The lead female character is Smiley Liang (Shu Qi). We know she is special because she feels uncomfortable with the way she meets Qin Fen. The two quickly decide they are not right for each other, and because they decide that so quickly, they decide to reveal very personal secrets about themselves, reasoning that there’s no harm in doing so seeing as how they’ll never see each other again. One of these secrets involves a lost love, the other an unfortunate relationship that has not yet ended. The scene is one of the best in the film. However unlike other films, the secrets they reveal do not bring them closer together, and the two depart never intending to see each other again. We have a feeling that they will, and sure enough, they do. Even then, though, the film avoids all of the clichés that films of this genre often fall into. Eventually the two of them strike a rather unusual bargain.
The film has its share of wonderful moments (the scene in the bar in Hakkaido), as well as some rather silly ones (Qin Fen’s extremely long confession). The film begins with an odd scenario that explains Qin Fen’s financial freedom and then returns to this storyline in its final scene. The beginning works providing you accept the notion that some wealthy businessmen will invest in just about anything; the ending however does not work at all.
The film is most effective when it focuses on the budding relationship between its two main characters. I grew a bit tired of Qin Fen’s blind dates, for as interesting as they are, they slow the story down. One of the results of this is that when Qin Fen finally admits to having feelings for Smiley, the moments seems somewhat false because not enough time has been spent showing these feeling develop. At one point, Qin Fen even brings up marriage. Why? Because he wants to spend his life with someone who doesn’t love him? I just didn’t quite buy it.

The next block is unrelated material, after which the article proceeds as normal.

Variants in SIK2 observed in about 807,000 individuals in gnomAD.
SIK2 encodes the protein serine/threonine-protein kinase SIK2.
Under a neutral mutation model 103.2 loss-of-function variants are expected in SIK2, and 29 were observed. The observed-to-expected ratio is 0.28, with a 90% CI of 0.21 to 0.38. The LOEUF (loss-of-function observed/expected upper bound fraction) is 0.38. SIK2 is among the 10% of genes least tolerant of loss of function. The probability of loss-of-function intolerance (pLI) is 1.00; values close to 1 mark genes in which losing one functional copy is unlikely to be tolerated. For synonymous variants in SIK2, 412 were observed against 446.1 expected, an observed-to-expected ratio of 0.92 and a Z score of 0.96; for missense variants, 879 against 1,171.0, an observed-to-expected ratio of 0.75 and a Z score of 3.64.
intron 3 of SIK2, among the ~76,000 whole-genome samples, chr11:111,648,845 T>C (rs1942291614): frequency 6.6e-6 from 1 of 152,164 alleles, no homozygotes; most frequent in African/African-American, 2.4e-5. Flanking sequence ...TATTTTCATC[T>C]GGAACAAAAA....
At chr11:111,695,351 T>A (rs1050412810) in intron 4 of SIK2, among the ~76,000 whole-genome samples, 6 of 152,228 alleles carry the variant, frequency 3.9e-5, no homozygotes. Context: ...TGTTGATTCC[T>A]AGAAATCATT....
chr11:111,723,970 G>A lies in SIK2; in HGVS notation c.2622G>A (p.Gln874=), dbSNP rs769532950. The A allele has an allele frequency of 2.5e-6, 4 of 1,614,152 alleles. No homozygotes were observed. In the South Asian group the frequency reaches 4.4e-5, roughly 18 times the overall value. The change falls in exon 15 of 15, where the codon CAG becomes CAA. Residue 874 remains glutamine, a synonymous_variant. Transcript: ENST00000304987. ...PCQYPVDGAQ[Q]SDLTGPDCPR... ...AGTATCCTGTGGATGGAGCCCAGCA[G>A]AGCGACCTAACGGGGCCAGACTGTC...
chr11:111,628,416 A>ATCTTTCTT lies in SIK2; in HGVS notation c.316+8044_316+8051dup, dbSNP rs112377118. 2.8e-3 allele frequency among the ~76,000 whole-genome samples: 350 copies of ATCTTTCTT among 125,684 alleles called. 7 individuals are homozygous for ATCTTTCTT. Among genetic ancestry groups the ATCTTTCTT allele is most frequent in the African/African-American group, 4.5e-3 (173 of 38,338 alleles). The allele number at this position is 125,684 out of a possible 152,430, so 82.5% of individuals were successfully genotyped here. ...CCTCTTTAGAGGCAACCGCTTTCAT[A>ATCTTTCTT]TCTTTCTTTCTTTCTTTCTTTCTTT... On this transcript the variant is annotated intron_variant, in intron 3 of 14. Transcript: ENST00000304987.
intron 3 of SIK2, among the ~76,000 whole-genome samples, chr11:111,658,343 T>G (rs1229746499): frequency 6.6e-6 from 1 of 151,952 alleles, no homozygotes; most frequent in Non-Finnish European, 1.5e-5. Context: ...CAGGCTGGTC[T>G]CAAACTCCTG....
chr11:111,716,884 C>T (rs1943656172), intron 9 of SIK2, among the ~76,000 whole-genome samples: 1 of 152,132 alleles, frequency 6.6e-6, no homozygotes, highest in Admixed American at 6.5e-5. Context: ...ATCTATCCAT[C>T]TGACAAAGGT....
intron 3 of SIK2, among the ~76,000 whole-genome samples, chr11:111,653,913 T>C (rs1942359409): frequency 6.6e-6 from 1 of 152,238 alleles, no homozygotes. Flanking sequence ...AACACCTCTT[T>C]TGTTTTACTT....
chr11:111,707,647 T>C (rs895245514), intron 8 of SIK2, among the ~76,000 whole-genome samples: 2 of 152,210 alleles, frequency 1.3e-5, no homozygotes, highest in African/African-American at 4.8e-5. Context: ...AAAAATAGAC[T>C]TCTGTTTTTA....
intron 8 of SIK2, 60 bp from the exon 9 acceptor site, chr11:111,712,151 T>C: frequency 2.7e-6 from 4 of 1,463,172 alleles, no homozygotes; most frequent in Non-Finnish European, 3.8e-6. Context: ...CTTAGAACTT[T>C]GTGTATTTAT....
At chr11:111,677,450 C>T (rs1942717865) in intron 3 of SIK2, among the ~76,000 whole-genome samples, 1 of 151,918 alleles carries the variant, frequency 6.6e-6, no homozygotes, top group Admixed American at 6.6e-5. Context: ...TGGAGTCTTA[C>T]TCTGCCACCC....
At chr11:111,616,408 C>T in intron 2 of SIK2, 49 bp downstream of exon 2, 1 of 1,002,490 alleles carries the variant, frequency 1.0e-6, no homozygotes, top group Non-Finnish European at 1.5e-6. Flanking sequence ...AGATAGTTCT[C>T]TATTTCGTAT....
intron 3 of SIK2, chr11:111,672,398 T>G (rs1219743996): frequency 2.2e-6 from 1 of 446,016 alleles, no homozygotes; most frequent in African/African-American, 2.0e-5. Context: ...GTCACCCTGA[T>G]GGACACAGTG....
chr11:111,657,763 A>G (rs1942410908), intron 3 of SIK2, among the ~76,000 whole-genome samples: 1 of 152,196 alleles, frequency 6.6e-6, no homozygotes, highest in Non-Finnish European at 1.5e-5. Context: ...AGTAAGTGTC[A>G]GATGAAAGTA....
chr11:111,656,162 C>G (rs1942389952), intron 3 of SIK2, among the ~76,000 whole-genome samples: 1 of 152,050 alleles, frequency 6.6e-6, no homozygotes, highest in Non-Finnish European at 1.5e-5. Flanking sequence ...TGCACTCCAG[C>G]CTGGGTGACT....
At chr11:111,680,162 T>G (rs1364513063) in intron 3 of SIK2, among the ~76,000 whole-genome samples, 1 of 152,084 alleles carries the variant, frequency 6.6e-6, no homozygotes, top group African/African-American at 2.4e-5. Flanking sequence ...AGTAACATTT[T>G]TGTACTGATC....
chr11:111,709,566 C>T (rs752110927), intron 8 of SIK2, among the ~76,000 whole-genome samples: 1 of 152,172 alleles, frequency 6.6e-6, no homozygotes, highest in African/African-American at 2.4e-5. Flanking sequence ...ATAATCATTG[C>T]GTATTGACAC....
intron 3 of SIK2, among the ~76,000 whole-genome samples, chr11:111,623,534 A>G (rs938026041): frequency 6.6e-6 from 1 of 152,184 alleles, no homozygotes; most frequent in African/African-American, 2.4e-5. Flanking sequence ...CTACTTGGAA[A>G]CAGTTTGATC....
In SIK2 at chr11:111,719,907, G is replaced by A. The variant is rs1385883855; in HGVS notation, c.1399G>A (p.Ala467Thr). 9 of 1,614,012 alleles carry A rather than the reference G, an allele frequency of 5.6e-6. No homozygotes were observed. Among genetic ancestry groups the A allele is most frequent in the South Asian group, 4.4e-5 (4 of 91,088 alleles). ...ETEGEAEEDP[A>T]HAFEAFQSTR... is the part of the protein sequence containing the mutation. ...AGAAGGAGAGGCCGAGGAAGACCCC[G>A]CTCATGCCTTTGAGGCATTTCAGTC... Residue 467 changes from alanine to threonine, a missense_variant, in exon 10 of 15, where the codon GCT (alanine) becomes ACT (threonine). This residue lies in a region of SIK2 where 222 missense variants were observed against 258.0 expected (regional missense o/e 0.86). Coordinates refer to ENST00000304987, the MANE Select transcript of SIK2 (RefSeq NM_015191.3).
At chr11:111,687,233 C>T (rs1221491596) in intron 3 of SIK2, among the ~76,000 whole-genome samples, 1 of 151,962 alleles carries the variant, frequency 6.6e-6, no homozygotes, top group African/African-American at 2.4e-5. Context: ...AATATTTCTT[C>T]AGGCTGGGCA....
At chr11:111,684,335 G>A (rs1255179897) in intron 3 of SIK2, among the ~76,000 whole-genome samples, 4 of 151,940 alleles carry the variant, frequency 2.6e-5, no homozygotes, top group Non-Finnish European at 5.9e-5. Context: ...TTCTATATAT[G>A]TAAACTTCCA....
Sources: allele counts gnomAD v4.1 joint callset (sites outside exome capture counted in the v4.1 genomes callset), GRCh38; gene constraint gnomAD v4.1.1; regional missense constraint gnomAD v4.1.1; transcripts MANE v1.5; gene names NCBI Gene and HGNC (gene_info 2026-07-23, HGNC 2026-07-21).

For a brief time, If you are the one was the highest grossing Chinese film of all time until it was eclipsed by both The Founding of a Republic and Feng’s later film Aftershock, a film that I had my fair share of problems with. I have fewer problems with If you are the one. Its premise is believable and timely, its central characters are interesting, and for the most part, it is well written. Still, the film would have benefited greatly by having a few more scenes early on establishing the relationship that develops between the two lead characters. That would have made the film’s ultimate message concerning the healing powers of love much stronger. (on DVD and Blu-ray)
*If you are the one is in Mandarin with English subtitles.